Bistro Khamsa

Bistro Khamsa

Soak up Mediterranean flavors on the Nakameguro riverside


Originally published on on October 2009

Photos by Justin Vunn

Photos by Justin Vunn

A bistro should be about generous portions of uncomplicated food, efficient service, cheap quaffable wine, and pleasant surroundings. Bistro Khamsa has nailed it.

The owner has a crush on Morocco and a love for France, and with his decor—the zinc bar, tile floor, dark oak tables, shelves filled with colorful tea glasses and tagine-shaped baskets, and the elaborate Moroccan candle-lantern chandelier—he’s conjured an exotic yet very comfortable spot you might find on a side street in Marseille.

The man in the kitchen knows what he’s doing, too. His dinner menu features popular bistro fare like brandade de porc (¥600), onion soup (¥850), terrine de campagne (¥1,000), and roast lamb chops (¥2300). But it also includes Moroccan favorites such as lamb couscous (¥2,100), tagine of chicken and olives (¥1,900) and tagine of pork, eggplant and eggs (¥2,100).

A “tagine,” by the way, is both the cooking pot and the stew itself—slowly simmered until the meat is meltingly tender and infused with spices such as cinnamon and coriander. An order of smoule (¥500), couscous mixed with chickpeas, is the perfect side dish to soak up the rich savory broth.

Bistro Khamsa’s weekend prix fixe lunch for ¥1,500 is one of the city’s best bargains: a choice of hors oeuvre, main dish and dessert, plus bread and coffee. On a recent Saturday, the dining room was filled with couples and girlfriends out for an afternoon along the lazy (and tiny) Meguro River, lined on both banks with cafés, restaurants and boutiques.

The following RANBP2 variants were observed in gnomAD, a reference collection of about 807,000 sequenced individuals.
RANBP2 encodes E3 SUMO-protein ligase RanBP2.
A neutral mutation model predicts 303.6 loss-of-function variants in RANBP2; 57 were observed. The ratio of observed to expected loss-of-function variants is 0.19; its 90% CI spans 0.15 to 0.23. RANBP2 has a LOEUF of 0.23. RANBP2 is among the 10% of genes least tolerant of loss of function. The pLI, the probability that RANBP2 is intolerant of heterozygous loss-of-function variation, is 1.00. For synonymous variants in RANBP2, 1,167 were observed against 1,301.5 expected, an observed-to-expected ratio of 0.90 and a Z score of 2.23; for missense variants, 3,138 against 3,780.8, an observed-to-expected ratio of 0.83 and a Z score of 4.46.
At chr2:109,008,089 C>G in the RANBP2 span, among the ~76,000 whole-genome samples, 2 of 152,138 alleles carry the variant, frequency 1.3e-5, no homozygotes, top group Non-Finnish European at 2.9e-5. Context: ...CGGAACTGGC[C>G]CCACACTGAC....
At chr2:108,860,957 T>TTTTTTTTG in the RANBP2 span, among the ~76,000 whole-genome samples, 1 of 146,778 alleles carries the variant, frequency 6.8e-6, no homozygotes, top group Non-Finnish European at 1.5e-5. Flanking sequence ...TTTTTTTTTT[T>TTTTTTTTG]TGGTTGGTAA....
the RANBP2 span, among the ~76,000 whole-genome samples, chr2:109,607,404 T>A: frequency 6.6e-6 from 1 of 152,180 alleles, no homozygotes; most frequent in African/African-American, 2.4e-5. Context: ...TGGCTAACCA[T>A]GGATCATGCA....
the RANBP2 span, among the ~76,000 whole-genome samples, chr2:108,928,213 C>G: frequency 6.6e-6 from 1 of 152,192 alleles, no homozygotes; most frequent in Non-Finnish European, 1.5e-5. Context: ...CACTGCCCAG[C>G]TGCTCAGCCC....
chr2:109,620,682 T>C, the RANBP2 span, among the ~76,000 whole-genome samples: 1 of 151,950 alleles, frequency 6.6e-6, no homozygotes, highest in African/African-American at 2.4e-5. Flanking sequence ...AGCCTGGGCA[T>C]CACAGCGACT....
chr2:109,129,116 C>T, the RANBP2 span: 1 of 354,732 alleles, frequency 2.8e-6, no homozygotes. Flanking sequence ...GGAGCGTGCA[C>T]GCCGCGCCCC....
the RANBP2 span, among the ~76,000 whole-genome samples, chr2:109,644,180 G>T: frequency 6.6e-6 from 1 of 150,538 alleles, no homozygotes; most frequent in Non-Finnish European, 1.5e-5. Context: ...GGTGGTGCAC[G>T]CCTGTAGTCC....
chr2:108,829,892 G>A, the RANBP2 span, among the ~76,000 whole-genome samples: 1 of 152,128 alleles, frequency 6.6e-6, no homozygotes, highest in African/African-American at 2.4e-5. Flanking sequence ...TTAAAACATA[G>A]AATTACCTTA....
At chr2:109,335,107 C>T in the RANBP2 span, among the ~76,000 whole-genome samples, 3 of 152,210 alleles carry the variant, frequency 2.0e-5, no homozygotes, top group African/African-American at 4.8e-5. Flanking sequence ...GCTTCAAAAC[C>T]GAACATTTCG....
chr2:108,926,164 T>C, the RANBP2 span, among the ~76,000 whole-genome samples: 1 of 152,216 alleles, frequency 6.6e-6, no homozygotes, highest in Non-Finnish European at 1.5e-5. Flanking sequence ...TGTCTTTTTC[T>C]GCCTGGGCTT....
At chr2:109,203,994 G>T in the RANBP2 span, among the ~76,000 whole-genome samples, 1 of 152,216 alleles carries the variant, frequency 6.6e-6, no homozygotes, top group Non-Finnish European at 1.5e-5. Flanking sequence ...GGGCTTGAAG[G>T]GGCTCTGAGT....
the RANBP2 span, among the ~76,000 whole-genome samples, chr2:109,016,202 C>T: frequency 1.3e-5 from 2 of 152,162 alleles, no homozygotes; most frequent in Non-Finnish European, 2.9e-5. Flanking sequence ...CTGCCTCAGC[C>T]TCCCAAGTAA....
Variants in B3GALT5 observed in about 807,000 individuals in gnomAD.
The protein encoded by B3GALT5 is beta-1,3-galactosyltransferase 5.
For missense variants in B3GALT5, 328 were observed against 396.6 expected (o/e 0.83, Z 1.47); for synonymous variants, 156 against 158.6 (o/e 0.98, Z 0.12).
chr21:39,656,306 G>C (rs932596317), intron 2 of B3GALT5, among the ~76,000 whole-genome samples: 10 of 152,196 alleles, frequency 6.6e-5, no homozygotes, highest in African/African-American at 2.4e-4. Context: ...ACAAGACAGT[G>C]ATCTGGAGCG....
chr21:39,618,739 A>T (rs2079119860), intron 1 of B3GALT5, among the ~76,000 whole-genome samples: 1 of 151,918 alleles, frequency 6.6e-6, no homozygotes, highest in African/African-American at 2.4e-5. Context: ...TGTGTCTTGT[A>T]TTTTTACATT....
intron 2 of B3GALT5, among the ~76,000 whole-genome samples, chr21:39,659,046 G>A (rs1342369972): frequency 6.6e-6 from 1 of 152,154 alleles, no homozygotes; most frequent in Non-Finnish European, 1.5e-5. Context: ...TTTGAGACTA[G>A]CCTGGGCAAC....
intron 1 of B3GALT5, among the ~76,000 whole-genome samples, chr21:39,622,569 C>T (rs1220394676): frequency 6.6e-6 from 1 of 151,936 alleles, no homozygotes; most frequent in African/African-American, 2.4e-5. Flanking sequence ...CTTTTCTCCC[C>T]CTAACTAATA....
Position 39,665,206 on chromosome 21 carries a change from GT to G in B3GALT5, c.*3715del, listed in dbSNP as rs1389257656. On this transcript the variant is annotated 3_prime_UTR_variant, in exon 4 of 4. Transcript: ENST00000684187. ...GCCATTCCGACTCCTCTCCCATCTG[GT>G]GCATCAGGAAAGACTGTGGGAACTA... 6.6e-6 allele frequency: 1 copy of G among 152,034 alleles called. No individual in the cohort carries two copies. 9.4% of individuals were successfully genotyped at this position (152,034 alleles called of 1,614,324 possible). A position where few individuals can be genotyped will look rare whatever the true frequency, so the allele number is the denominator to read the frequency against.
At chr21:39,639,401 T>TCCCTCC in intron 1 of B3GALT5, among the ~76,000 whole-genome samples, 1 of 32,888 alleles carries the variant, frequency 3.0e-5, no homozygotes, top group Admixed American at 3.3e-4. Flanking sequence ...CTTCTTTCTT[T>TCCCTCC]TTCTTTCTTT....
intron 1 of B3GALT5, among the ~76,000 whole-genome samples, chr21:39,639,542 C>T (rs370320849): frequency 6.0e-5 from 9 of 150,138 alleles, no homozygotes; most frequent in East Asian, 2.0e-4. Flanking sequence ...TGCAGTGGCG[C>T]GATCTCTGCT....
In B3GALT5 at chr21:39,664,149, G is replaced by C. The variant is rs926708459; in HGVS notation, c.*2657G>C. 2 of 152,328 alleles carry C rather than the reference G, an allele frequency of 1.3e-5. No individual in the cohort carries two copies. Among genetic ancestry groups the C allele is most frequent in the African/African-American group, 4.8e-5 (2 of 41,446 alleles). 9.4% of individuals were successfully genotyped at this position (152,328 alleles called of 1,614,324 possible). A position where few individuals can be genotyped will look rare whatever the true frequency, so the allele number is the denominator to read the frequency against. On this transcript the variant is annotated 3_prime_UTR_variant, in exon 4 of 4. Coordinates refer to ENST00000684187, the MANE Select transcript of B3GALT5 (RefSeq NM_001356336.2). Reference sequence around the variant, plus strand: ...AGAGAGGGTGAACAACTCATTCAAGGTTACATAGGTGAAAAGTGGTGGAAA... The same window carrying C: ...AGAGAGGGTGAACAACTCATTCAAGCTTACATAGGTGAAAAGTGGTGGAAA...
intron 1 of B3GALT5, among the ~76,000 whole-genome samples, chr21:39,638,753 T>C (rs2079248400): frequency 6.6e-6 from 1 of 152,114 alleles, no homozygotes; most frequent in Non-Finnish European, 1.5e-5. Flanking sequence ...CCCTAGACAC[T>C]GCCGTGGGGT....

The bistro is on the fifth floor and doesn’t have a view of the river, but terrace seating is available if you like dining al fresco. Unfortunately, the panorama is of towering apartment buildings and whirring air conditioner units.

My lunch started with tortilla chorizo—a large wedge of quiche filled with potato, onions, tomatoes and slices of spicy chorizo—nudged up against a well-composed salad with three types of lettuce, shaved red onion, arugula and carrot threads.

The main dish was lamb couscous with chunks of tender mutton luxuriating in a rich broth spiced with coriander seeds. Usually these seeds are bundled in a bit of cheesecloth then removed once they’ve done their magic. Leaving them in, though, gives this Moroccan classic an occasional pleasant crunch. The couscous was expertly prepared, fluffy yet still al dente. Ask for harissa chili sauce on the side to fire up the stew.

Dessert was a fruit compote of fresh pear poached in red wine with hints of cinnamon and clove, swaddled in a cushion of fromage blanc.

For an extra ¥500, you can have what the menu claims is “a well poured glass of wine.” It is, indeed.